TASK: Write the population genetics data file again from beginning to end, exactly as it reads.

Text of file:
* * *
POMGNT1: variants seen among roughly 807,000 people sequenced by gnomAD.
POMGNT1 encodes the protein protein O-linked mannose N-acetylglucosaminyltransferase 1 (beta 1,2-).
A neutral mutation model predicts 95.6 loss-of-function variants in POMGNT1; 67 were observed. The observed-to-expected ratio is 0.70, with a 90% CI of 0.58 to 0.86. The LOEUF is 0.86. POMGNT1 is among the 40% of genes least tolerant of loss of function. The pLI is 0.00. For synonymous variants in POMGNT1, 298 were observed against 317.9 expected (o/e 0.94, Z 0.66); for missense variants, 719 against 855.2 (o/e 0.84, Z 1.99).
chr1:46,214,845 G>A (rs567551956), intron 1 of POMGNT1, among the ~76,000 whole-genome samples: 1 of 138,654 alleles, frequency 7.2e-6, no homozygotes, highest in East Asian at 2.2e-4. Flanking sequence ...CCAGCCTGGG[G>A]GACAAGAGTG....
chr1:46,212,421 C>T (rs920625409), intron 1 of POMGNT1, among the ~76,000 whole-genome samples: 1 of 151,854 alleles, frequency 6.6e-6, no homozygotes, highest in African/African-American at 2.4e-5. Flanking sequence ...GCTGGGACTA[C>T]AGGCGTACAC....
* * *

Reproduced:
POMGNT1: variants seen among roughly 807,000 people sequenced by gnomAD.
POMGNT1 encodes the protein protein O-linked mannose N-acetylglucosaminyltransferase 1 (beta 1,2-).
A neutral mutation model predicts 95.6 loss-of-function variants in POMGNT1; 67 were observed. The observed-to-expected ratio is 0.70, with a 90% CI of 0.58 to 0.86. The LOEUF is 0.86. POMGNT1 is among the 40% of genes least tolerant of loss of function. The pLI is 0.00. For synonymous variants in POMGNT1, 298 were observed against 317.9 expected (o/e 0.94, Z 0.66); for missense variants, 719 against 855.2 (o/e 0.84, Z 1.99).
chr1:46,214,845 G>A (rs567551956), intron 1 of POMGNT1, among the ~76,000 whole-genome samples: 1 of 138,654 alleles, frequency 7.2e-6, no homozygotes, highest in East Asian at 2.2e-4. Flanking sequence ...CCAGCCTGGG[G>A]GACAAGAGTG....
chr1:46,212,421 C>T (rs920625409), intron 1 of POMGNT1, among the ~76,000 whole-genome samples: 1 of 151,854 alleles, frequency 6.6e-6, no homozygotes, highest in African/African-American at 2.4e-5. Flanking sequence ...GCTGGGACTA[C>T]AGGCGTACAC....